While no one has yet driven the C_Two, Rimac’s previous hypercar, the Concept_One, features similar, though lower, performance figures. I ask Longin what the company is aiming the car to feel like. Her response? “Quick.” I later learned that she’s been in the Concept_One a handful of times, including a run with the car’s Drift Mode (which is carried over to C_Two), so she’s speaking from experience.
Yet, while Rimac’s C_Two is aimed at climbing up into the rare hypercar air of Bugattis, Koenigseggs, Aston Martins, Ferraris, and Porsches, this is a hypercar that can go the distance, 400 miles to be exact, after just a single charge. Longin explains that unlike the more race-ready Concept_One, C_Two is a true grand tourer. As such, its total battery storage is rated for 120 kWh thanks to 6,960 lithium-manganese-nickel battery cells, which—when channeled through the four motors—deliver an output of 1.4 megawatts.
Power, performance, and range, however, aren’t C_Two’s only party pieces. Blended with all the carbon fiber and gorgeous styling is a car replete with the sort of cutting-edge technology you’ve come to only expect from science fiction. For example, facial scanners are inset into the door mirrors. As someone approaches, they scan the person’s face and, if it’s the owner, the doors unlock and open. That same technology is then continued into the cabin and monitors the driver’s expressions to determine whether they’re distracted or tired. And though the software isn’t ready quite yet, C_Two will feature all of the hardware necessary for Level 4 autonomous driving.
However, one of the most impressive pieces of technology given to this wickedly wonderful wünderkind is the hypercar’s “Driver Coach.” The latter is an advanced feedback and guidance system designed to optimize both car and pilot performance.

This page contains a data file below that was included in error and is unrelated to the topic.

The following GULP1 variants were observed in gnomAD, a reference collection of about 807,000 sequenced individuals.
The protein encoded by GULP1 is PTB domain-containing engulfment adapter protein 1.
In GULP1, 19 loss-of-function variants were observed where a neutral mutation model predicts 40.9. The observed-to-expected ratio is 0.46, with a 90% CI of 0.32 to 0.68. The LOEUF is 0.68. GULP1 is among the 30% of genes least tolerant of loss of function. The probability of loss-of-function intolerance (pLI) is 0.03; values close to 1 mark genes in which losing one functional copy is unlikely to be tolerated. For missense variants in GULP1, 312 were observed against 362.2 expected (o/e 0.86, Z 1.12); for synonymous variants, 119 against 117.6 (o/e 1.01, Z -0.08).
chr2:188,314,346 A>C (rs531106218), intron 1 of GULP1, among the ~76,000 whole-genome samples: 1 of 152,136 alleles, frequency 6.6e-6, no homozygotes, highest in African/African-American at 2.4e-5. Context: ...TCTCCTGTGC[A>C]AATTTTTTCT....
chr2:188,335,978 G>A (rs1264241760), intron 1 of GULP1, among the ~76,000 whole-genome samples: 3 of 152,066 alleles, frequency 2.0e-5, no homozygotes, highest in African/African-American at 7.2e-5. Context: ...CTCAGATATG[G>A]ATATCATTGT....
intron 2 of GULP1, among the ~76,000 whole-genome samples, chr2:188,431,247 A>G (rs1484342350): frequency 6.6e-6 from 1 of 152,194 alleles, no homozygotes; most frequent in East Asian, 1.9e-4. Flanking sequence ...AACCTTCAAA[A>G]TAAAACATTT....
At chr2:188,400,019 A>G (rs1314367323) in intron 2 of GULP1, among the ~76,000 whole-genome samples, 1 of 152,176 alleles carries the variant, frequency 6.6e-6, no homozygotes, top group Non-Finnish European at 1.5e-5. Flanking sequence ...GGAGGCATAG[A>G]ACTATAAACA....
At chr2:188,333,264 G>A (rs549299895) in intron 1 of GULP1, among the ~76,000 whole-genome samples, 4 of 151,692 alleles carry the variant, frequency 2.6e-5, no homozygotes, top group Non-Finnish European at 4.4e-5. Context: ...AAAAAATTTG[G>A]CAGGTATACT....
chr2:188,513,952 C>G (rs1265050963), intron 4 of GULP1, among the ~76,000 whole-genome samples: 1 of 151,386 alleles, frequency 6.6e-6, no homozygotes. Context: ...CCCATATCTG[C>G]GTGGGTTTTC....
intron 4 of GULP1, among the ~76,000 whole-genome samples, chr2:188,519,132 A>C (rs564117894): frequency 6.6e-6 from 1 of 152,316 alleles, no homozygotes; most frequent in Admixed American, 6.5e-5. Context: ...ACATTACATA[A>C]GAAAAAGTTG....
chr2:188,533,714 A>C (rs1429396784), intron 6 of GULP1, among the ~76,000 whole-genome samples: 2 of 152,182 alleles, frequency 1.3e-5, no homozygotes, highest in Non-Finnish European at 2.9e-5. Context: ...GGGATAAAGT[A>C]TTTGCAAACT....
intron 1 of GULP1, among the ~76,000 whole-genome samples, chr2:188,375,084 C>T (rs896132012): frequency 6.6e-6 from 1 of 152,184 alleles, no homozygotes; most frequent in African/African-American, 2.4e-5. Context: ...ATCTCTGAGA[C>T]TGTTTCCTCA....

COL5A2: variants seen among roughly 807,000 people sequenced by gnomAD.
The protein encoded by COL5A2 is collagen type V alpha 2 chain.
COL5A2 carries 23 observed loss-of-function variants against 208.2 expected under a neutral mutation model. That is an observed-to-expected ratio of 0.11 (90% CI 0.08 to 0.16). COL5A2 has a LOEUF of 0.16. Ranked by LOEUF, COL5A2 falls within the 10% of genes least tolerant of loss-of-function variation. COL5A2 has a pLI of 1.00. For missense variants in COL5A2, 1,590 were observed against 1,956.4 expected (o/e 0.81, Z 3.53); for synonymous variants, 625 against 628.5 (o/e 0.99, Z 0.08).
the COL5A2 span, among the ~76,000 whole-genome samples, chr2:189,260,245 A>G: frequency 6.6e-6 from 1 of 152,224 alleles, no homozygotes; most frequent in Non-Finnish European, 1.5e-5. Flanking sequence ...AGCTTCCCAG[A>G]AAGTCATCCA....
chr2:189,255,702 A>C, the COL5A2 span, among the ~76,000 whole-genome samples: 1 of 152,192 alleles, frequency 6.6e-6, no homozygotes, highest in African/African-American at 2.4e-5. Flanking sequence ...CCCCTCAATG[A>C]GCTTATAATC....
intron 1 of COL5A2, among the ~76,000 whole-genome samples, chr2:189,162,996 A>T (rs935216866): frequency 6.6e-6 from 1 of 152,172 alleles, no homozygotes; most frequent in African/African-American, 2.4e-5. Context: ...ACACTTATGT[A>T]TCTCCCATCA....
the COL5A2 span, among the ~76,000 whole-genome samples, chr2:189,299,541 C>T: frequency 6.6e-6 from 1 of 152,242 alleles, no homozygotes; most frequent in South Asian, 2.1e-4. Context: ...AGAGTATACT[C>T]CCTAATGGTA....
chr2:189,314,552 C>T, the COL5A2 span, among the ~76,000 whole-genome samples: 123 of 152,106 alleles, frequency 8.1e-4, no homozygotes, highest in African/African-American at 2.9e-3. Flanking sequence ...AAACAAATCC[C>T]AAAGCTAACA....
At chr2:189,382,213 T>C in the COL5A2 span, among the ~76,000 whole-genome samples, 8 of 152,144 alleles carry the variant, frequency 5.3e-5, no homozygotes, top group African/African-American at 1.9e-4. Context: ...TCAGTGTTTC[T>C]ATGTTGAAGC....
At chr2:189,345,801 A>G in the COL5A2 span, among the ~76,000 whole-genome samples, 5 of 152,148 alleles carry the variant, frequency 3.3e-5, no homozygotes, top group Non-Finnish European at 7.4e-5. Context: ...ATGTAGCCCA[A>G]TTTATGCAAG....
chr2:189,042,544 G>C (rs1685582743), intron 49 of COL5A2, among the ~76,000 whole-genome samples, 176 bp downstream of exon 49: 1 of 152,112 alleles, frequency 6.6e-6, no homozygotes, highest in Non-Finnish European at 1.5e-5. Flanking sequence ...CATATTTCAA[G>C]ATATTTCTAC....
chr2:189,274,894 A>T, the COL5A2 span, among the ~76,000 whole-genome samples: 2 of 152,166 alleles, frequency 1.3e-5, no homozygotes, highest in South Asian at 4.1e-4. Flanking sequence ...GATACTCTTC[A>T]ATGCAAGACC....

As my walk-around finishes, I ask Longin whether it’d be possible to sit in the C_Two. She’s hesitant. Few have been allowed into the car—and few ever will, as only 150 examples are set to be built. This is after all, barely a rolling concept. There’s no drivetrain and the interior is still being fine-tuned for its 2020 delivery date. My smile and enthusiasm, however, wins her over and I’m allowed to slide into the svelte leather bucket seats and behind the steering wheel. The cockpit is tight for my 6-ft 4-inch frame, but the layout, and the six screens throughout the cabin that make up the infotainment and gauge clusters, feel appropriately placed and ready for an Autostrada-blitz from Rome to Monaco.
At the end of my time with Rimac’s C_Two, I’m reminded of a quote from Nikola Tesla that not only applies to the future Rimac is working toward, but the audacity of the C_Two’s engineering. “With ideas it is like with dizzy heights you climb: At first they cause you discomfort and you are anxious to get down, distrustful of your own powers; but soon the remoteness of the turmoil of life and the inspiring influence of the altitude calm your blood; your step gets firm and sure and you begin to look for dizzier heights.”
In the beginning, those of a gasoline-swilling disposition were distrustful and weary of electrification. But Mate Rimac, his company, and his hypercars have risen to such heights, we can’t wait to see what future they bring.